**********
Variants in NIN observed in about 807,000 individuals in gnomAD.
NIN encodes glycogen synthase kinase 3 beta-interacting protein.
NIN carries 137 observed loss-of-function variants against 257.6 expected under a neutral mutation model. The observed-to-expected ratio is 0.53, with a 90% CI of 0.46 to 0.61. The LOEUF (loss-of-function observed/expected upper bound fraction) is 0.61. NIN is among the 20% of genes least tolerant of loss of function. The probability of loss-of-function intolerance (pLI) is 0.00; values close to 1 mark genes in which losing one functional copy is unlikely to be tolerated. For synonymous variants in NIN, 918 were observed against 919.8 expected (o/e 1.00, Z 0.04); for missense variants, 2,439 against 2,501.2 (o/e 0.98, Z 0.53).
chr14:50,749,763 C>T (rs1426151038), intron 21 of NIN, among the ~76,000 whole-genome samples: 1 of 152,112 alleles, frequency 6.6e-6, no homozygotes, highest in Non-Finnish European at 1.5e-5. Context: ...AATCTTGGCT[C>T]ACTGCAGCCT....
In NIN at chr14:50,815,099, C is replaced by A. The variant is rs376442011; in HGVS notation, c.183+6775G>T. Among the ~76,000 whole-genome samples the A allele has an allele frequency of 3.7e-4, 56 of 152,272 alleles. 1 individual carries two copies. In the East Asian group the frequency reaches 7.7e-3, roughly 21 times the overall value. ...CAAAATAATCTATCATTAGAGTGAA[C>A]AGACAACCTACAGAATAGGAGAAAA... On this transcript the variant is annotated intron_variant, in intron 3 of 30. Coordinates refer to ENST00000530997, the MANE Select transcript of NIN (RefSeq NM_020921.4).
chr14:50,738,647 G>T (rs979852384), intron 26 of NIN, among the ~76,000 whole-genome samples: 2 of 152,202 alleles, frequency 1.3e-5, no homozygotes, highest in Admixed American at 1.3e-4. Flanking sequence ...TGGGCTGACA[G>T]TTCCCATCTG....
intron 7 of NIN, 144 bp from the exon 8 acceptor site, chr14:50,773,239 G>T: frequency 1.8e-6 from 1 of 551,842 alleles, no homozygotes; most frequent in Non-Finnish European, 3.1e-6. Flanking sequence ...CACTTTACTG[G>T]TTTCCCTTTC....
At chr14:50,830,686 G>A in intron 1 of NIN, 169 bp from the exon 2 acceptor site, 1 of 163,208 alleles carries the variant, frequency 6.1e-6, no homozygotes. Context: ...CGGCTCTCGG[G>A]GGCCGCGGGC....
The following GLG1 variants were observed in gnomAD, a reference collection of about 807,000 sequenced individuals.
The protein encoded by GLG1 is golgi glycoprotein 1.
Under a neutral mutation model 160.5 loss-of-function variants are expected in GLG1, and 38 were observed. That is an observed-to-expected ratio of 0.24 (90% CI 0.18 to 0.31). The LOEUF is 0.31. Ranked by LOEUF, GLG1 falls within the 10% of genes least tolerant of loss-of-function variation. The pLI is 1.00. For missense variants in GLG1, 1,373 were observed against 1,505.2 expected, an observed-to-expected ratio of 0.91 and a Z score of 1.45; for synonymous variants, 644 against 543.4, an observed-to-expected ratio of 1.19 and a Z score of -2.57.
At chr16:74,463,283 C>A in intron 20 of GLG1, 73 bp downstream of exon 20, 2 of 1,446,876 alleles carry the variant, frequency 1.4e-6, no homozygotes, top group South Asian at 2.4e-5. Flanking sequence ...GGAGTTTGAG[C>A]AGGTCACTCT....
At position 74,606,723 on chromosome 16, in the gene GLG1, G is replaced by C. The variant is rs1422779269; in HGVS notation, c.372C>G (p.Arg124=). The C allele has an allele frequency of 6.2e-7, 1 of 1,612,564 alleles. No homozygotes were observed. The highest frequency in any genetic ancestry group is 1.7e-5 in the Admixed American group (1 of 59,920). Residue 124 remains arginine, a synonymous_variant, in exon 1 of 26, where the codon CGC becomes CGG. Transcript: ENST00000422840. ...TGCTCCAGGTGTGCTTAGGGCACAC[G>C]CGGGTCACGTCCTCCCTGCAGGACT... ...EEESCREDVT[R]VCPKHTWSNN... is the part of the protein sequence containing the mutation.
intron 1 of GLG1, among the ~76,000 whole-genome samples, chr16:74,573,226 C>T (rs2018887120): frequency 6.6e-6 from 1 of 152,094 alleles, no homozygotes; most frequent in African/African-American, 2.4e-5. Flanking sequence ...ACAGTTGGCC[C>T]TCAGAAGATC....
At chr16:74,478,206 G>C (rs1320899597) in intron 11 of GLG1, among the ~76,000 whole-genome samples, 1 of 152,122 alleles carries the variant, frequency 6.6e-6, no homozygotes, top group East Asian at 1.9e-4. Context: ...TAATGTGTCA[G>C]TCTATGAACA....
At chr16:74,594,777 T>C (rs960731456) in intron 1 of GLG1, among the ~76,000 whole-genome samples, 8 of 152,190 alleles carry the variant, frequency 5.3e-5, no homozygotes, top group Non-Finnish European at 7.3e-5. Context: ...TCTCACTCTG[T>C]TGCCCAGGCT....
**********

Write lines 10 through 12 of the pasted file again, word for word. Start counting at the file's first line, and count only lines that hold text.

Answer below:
The protein encoded by GLG1 is golgi glycoprotein 1.
Under a neutral mutation model 160.5 loss-of-function variants are expected in GLG1, and 38 were observed. That is an observed-to-expected ratio of 0.24 (90% CI 0.18 to 0.31). The LOEUF is 0.31. Ranked by LOEUF, GLG1 falls within the 10% of genes least tolerant of loss-of-function variation. The pLI is 1.00. For missense variants in GLG1, 1,373 were observed against 1,505.2 expected, an observed-to-expected ratio of 0.91 and a Z score of 1.45; for synonymous variants, 644 against 543.4, an observed-to-expected ratio of 1.19 and a Z score of -2.57.
At chr16:74,463,283 C>A in intron 20 of GLG1, 73 bp downstream of exon 20, 2 of 1,446,876 alleles carry the variant, frequency 1.4e-6, no homozygotes, top group South Asian at 2.4e-5. Flanking sequence ...GGAGTTTGAG[C>A]AGGTCACTCT....